CBIA to Women: Drive a Truck

The Connecticut Business and Industry Association’s Education and Workforce Partnership is turning its attention to the state’s increasing demand for drivers of trucks, buses, and heavy equipment – a demand which is expected to grow to 30,000 by 2024. And the focus of their attention is women, urging them to consider careers in transportation. In an effort to showcase well-paying jobs in the industry, the partnership teamed up with Workforce Solutions Collaborative of Metro Hartford to create a video that highlights this growing industry.

Ellen Underwood, who now drives for the state Department of Transportation’s bridge crew, explains in the video that driving was a “natural pathway” because she enjoyed being outdoors, and driving.  She’s been at it for 20 years, with a number of different employers, including a local municipality.  She says state polices “make it easier for a woman to be treated as an equal,” adding that “if you’re willing to work hard and learn new things, you can do anything.”

A contract driver for CNS Transportation, Karen Roderick, says her career began “as a challenge to see if I could do it.”  She recalls being “the only female” in truck-driving school.  She has since earned Connecticut Driver of the Year, the only woman to do so.

CBIA notes some key facts about women in transportation:

  • Women in historically male-dominated jobs earn an average of 25 percent more than women in historically female-dominated jobs.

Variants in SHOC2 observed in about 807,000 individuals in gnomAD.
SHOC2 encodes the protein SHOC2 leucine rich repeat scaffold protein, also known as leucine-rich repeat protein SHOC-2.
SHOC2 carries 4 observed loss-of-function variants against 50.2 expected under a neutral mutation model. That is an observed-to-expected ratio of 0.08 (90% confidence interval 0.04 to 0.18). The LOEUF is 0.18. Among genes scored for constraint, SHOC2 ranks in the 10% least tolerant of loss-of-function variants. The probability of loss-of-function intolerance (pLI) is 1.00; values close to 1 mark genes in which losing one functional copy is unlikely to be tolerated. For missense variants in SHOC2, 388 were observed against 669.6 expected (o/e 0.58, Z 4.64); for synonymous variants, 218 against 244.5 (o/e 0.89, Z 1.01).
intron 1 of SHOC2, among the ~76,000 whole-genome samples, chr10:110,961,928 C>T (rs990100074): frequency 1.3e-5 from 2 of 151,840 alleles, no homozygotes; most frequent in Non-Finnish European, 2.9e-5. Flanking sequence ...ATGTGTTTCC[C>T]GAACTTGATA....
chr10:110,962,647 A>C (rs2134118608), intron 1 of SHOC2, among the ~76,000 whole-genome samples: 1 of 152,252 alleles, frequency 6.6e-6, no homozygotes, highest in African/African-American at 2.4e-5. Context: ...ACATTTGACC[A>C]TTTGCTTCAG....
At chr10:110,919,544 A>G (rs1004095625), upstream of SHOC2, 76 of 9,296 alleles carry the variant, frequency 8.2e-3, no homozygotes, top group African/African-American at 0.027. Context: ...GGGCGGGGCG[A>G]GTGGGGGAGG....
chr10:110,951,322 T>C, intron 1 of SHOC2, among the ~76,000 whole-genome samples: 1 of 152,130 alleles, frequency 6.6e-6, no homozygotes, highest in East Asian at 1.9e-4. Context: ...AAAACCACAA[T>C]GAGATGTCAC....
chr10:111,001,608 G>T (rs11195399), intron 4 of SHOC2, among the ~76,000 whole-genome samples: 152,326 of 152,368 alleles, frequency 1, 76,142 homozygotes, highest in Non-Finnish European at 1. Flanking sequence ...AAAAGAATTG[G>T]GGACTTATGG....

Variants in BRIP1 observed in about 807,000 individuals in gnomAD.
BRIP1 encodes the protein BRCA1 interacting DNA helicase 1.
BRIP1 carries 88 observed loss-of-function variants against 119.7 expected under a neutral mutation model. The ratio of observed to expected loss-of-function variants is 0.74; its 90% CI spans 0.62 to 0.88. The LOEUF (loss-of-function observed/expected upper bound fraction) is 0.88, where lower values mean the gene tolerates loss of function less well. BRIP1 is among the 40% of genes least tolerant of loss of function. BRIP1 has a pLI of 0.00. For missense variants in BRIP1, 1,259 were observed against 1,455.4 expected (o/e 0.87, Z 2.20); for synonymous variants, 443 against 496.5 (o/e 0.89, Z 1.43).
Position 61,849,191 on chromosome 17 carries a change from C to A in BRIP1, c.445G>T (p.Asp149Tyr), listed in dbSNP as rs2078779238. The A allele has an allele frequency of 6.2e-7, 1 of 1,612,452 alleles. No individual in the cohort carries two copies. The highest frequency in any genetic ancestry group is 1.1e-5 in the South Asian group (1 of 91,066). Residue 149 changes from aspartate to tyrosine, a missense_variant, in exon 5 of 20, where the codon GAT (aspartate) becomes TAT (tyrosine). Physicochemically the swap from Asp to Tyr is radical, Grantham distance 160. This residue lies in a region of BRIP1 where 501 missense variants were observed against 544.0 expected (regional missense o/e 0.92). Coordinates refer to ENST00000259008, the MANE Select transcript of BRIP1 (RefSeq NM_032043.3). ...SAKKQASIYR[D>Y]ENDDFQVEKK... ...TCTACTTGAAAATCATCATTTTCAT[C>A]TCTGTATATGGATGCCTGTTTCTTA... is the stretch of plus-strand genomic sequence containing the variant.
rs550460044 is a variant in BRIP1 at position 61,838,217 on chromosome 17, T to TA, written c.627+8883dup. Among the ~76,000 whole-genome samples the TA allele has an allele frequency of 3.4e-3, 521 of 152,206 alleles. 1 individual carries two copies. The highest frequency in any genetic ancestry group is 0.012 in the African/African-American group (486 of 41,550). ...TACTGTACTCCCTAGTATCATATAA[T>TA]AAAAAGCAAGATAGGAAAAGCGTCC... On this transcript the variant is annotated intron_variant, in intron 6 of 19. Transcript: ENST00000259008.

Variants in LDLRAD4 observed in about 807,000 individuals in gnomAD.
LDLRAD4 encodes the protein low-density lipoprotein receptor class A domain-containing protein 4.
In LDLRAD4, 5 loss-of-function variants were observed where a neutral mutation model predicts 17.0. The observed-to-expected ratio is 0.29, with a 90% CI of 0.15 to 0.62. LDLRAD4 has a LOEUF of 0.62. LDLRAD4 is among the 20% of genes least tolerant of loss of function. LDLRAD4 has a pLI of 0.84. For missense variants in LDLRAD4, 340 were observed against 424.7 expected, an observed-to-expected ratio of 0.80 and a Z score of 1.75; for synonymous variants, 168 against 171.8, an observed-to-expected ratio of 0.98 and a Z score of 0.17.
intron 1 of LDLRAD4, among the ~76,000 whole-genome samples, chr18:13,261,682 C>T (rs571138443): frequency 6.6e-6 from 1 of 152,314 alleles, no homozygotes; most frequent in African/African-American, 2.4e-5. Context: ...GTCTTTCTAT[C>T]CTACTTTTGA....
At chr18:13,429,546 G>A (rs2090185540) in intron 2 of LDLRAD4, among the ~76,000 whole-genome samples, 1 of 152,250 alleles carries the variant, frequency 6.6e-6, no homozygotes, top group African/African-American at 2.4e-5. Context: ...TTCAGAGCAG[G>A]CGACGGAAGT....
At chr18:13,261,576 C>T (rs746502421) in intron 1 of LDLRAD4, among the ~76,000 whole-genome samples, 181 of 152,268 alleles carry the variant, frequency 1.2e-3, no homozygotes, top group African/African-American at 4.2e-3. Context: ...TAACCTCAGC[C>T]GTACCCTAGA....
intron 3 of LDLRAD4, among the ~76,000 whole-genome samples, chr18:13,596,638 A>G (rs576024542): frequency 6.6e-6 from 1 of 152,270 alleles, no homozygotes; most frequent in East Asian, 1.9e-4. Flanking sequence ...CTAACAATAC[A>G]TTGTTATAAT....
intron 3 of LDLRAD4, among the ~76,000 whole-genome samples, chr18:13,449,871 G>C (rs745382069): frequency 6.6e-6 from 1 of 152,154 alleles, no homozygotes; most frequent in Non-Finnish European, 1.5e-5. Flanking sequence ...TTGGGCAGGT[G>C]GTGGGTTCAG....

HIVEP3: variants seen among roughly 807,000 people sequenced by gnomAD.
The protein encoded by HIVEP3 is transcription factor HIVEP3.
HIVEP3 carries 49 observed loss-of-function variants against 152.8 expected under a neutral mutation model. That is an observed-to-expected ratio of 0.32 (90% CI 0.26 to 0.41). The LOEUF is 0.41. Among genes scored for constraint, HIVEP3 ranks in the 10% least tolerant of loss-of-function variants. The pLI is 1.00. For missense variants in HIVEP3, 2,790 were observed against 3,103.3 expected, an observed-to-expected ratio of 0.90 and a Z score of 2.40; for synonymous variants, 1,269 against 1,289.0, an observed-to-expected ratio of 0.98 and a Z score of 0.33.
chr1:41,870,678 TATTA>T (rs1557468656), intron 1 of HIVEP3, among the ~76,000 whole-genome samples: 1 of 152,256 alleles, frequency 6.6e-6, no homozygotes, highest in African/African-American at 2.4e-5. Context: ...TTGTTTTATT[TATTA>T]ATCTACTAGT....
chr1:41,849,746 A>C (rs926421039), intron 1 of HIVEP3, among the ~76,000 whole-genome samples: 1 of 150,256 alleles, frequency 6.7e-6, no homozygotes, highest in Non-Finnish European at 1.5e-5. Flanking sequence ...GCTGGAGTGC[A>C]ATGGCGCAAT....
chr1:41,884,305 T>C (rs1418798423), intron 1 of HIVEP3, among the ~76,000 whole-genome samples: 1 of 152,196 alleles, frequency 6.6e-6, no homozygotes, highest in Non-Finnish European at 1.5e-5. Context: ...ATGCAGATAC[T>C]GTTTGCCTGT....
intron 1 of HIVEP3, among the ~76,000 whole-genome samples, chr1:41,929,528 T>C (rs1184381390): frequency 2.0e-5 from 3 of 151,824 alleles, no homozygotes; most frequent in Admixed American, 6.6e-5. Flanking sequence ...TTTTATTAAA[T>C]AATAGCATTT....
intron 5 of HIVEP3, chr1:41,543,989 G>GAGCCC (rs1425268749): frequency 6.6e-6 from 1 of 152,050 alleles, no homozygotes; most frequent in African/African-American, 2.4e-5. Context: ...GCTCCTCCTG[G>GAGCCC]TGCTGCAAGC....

• Women consistently do better with their paperwork, take better care of their trucks, and are often better with their customers.
  • Women, especially when compared with young men, are generally safer drivers.
  • There’s a huge shortage of heavy and tractor trailer drivers yet only 6 percent of truck drivers are female.

Daiana Soto, featured in the video, drives a big rig, and launched her career just four months ago.  “My truck is my office,” she explains. The limited number of women in the field is quite evident, and Soto says it is a challenge she’s ready to take on. “You can do the same job (as men)… and maybe better.”

Ezzie Williams, a professional motorcoach driver for Town & Country in New Britain, began as a school bus driver. She says young people should consider the field, so that they can “get a career and make money.”

Two versions of the video are available—one a full-length video with interviews with six women in six different transportation careers and the other is a one-minute highlight reel.  The project was supported by the Walmart Foundation. The Transportation partnership (Transportation, Logistics, and Distribution Partnership – TDL), convened by the CBIA Education & Workforce Partnership, aims to strengthens the transportation workforce pipeline, support on-the-job training, and improve retention rates among new hires.